The History Portal
(c. 484 BC – c. 425 BC), often considered the "father of history"
History (from Greek ἱστορία, historia, meaning 'inquiry; knowledge acquired by investigation') is the study of the past. Events occurring before the invention of writing systems are considered prehistory. "History" is an umbrella term that relates to past events as well as the memory, discovery, collection, organization, presentation, and interpretation of information about these events. Scholars who focus on history are called historians. The historian's role is to place the past in context, using sources from moments and events, and filling in the gaps to the best of their ability. Written documents are not the only sources historians use to develop their understanding of the past. They also use material objects, oral accounts, ecological markers, art, and artifacts as historical sources.
History also includes the academic discipline which uses narrative to describe, examine, question, and analyze a sequence of past events, investigate the patterns of cause and effect that are related to them. Historians seek to understand and represent the past through narratives. They often debate which narrative best explains an event, as well as the significance of different causes and effects. Historians also debate the nature of history and its usefulness by discussing the study of the discipline as an end in itself and as a way of providing "perspective" on the problems of the present.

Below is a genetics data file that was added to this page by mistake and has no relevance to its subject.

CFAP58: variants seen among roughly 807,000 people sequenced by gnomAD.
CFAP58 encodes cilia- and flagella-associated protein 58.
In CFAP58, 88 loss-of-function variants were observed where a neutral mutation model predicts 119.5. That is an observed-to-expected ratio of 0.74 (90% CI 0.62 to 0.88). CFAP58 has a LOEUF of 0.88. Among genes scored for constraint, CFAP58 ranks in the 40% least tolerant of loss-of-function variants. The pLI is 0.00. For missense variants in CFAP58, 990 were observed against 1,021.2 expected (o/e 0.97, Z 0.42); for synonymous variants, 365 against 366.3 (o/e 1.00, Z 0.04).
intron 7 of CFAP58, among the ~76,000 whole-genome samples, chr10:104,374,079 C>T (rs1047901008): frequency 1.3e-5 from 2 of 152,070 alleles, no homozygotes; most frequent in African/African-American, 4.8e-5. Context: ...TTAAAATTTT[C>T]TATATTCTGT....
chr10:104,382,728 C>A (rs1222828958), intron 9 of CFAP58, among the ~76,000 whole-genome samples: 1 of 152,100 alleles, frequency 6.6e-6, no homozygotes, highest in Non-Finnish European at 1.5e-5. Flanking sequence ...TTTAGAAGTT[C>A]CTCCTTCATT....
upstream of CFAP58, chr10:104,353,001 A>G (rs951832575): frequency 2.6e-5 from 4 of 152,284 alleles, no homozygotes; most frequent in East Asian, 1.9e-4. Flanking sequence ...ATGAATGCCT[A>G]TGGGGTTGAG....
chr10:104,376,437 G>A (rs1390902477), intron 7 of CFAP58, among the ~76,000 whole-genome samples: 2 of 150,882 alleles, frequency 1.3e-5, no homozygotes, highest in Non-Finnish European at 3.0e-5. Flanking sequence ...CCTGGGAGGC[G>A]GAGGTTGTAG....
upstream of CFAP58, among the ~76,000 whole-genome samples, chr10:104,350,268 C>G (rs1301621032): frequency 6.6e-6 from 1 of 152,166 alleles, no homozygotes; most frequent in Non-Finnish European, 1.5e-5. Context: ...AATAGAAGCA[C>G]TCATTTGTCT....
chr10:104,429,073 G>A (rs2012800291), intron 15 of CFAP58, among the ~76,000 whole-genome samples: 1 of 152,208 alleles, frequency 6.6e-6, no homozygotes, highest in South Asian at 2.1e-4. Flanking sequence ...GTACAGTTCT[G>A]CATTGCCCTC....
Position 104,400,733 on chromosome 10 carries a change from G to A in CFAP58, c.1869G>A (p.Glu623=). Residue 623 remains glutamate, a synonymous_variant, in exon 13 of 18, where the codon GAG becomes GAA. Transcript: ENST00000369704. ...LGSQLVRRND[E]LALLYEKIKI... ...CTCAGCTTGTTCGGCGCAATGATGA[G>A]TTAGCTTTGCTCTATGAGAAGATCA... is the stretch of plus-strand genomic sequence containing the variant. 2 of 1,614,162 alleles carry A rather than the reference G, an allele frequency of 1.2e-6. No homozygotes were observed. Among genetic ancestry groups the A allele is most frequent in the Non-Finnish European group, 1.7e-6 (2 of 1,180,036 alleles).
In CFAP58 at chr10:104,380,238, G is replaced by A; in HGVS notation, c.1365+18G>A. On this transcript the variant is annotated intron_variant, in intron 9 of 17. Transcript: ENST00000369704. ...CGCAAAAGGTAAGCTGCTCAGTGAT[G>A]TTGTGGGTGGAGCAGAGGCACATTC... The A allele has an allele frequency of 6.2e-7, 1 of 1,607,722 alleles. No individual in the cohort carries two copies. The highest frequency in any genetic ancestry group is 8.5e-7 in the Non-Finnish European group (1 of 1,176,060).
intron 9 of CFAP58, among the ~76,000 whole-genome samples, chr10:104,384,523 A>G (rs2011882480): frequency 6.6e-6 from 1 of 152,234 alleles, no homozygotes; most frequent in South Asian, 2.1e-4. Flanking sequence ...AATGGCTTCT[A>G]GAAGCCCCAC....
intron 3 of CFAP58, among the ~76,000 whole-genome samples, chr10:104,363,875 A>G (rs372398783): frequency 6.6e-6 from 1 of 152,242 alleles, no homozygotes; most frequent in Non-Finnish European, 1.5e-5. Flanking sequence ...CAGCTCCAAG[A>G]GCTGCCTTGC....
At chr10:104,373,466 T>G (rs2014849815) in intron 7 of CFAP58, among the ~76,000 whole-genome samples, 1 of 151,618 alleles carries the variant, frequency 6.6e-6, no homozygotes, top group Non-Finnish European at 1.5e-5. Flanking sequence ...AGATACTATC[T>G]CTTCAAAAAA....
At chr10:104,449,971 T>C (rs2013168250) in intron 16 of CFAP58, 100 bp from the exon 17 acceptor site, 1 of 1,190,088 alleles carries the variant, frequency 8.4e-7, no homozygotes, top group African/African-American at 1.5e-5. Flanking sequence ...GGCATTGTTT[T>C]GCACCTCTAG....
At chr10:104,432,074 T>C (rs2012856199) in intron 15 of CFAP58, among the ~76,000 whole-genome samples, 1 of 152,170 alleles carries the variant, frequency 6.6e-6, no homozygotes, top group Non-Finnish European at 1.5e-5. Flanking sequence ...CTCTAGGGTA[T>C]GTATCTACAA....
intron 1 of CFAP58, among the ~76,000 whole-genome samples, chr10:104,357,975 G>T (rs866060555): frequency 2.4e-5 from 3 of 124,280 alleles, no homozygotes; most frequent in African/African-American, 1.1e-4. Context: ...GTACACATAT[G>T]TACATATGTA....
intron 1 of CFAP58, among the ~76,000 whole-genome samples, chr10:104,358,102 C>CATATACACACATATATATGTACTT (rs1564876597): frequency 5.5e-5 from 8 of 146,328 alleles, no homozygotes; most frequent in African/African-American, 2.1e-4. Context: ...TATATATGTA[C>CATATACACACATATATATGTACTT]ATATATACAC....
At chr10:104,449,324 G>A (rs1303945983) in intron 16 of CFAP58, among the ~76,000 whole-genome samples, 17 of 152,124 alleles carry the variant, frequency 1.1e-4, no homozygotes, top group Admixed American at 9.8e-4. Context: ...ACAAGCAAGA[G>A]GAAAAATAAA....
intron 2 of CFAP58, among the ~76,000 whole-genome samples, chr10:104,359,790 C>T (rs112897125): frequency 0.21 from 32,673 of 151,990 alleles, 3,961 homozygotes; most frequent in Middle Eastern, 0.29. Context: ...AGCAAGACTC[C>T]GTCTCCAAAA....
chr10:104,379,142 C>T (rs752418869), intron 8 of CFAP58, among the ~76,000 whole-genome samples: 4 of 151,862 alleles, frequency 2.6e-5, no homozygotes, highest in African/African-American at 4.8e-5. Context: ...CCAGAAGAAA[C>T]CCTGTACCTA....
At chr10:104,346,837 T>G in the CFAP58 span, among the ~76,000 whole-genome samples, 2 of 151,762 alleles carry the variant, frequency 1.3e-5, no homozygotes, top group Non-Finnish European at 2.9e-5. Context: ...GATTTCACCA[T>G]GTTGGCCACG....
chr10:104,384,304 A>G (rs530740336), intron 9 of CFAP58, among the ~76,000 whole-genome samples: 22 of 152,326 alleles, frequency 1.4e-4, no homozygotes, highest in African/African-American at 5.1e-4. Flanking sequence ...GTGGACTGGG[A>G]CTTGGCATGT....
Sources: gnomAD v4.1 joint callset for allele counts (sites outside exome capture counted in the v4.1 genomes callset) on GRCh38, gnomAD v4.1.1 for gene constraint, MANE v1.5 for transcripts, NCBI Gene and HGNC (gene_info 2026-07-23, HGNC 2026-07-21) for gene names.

Stories common to a particular culture, but not supported by external sources (such as the tales surrounding King Arthur), are usually classified as cultural heritage or legends. History differs from myth in that it is supported by evidence. However, ancient influences have helped spawn variant interpretations of the nature of history which have evolved over the centuries and continue to change today. The modern study of history is wide-ranging, and includes the study of specific regions and the study of certain topical or thematic elements of historical investigation. History is often taught as part of primary and secondary education, and the academic study of history is a major discipline in university studies.
Herodotus, a 5th-century BC Greek historian is often considered (within the Western tradition) to be the "father of history," or, by some, the "father of lies." Along with his contemporary Thucydides, he helped form the foundations for the modern study of human history. Their works continue to be read today, and the gap between the culture-focused Herodotus and the military-focused Thucydides remains a point of contention or approach in modern historical writing. In East Asia, a state chronicle, the Spring and Autumn Annals, was known to be compiled from as early as 722 BC although only 2nd-century BC texts have survived.
Topical excerpt section
The Rus' Khaganate
is a name suggested for a polity
that flourished during a poorly-documented period in the history of Eastern Europe
(roughly the late 8th and early to mid-9th centuries AD
). A predecessor to the Rurik Dynasty
and the Kievan Rus'
, the Rus' Khaganate was a state